This event is their “Burning Man,” their “San Diego Comic Con,” and I was playing passive observer to the collective release from the stringent lives of these (mostly) American white-collar wage-earners. In many ways, this newfound understanding (possibly even more effectively than the drugs) explained the disregard for the cost of overpriced-bottle-after-overpriced-bottle popped, the sleepless hour after sleepless hour raged through, and the unhinged-yet-ecstatic vibe of the Groove Cruise as a whole.
On Sunday, the last full day of the Groove Cruise, I’m up bright and early feeling ready to own the final day in Ensenada, Mexico. This morning, instead of jetting into town on a shuttle to Papas & Beer (the club where Whet was holding its on-shore festivities that day), I meet up with my point-of-contact at the Whet Foundation for the portion of the program that I’m arguably excited about the most.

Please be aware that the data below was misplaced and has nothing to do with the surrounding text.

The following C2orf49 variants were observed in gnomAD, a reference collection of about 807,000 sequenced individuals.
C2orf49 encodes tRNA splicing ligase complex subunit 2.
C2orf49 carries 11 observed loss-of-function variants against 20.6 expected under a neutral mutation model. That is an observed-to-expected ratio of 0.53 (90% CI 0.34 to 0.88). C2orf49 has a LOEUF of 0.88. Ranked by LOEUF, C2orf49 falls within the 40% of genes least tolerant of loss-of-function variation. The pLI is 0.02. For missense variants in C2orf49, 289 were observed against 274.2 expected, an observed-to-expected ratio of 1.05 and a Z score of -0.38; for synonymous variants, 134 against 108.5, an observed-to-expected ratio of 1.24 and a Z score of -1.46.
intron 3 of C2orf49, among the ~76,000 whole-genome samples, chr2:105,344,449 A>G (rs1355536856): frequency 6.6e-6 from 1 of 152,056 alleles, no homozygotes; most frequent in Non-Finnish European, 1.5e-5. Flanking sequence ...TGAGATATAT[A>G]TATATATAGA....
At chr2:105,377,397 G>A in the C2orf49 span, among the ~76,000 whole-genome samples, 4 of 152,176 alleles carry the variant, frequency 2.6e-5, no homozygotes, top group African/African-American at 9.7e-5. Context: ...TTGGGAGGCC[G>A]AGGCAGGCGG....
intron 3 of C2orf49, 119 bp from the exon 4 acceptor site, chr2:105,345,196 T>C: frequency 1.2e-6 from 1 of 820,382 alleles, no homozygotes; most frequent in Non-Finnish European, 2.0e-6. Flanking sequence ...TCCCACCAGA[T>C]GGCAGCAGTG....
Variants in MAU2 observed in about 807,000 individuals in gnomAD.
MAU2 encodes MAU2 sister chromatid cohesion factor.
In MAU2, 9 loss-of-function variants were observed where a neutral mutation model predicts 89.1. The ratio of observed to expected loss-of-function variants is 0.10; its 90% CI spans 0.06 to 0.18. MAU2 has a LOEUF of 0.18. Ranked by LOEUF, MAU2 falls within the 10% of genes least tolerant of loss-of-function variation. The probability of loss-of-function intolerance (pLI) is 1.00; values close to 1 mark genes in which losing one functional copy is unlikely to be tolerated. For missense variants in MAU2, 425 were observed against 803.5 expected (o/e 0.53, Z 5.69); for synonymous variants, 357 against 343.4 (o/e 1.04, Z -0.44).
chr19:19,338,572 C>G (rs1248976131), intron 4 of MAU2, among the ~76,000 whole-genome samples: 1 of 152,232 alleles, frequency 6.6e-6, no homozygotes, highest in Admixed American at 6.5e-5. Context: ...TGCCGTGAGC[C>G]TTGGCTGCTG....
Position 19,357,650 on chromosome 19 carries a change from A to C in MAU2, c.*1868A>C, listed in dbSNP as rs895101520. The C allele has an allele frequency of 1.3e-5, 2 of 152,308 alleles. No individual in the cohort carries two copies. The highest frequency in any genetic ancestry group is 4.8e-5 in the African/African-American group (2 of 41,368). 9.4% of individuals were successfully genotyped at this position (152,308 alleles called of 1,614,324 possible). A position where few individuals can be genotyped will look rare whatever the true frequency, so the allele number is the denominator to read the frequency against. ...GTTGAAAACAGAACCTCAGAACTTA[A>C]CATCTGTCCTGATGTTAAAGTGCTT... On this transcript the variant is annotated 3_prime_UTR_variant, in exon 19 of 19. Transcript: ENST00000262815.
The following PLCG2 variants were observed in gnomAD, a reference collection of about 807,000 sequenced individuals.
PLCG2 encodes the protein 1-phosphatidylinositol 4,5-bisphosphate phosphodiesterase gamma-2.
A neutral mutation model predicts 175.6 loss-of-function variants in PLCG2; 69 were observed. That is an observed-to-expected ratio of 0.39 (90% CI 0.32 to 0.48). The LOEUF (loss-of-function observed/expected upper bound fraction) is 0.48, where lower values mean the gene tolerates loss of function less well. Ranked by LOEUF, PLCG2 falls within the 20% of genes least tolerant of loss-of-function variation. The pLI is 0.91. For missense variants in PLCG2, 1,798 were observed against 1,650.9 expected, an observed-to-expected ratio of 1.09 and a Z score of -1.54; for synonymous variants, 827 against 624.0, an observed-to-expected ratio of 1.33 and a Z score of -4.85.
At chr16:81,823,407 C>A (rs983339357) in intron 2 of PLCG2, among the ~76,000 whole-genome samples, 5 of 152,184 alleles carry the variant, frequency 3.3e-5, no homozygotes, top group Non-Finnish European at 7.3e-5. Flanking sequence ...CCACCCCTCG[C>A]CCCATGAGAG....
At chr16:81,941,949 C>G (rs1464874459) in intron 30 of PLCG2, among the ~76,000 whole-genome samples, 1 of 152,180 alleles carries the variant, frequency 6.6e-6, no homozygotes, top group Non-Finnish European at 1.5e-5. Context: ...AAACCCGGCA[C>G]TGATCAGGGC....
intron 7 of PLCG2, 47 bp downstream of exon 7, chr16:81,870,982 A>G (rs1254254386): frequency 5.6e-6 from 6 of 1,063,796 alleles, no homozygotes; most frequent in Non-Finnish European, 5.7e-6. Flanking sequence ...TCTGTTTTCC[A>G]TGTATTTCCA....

One of the many things that sets Groove Cruise apart from copycats is the Whet Foundation. The Foundation is the charity arm of Whet Travel that utilizes the Groove Cruise itinerary for their Destination Donation program (which delivers donations to impoverished children from the communities the ship is visiting). Although the idea to link a party-cruise to charity-work is a Whet Travel original, competitors such as Holy Ship! have recently followed suit.
And today’s mission is smuggling toys, clothes, and school supplies into Mexico for a covert drop-off at the City of Children orphanage in inner Ensanada. Yes, literally smuggling them into the country, since there are apparently laws about the kinds of donations you can make, and subsequently, the kinds of hoops you have to jump through to make them. The orphanage, which hosts dozens of children from infancy through high school before assisting them in college placement and beyond, seems excited and grateful for our donations, and the whole experience has me extra-critical of every other average, everyday for-profit party production company not doing what Whet does.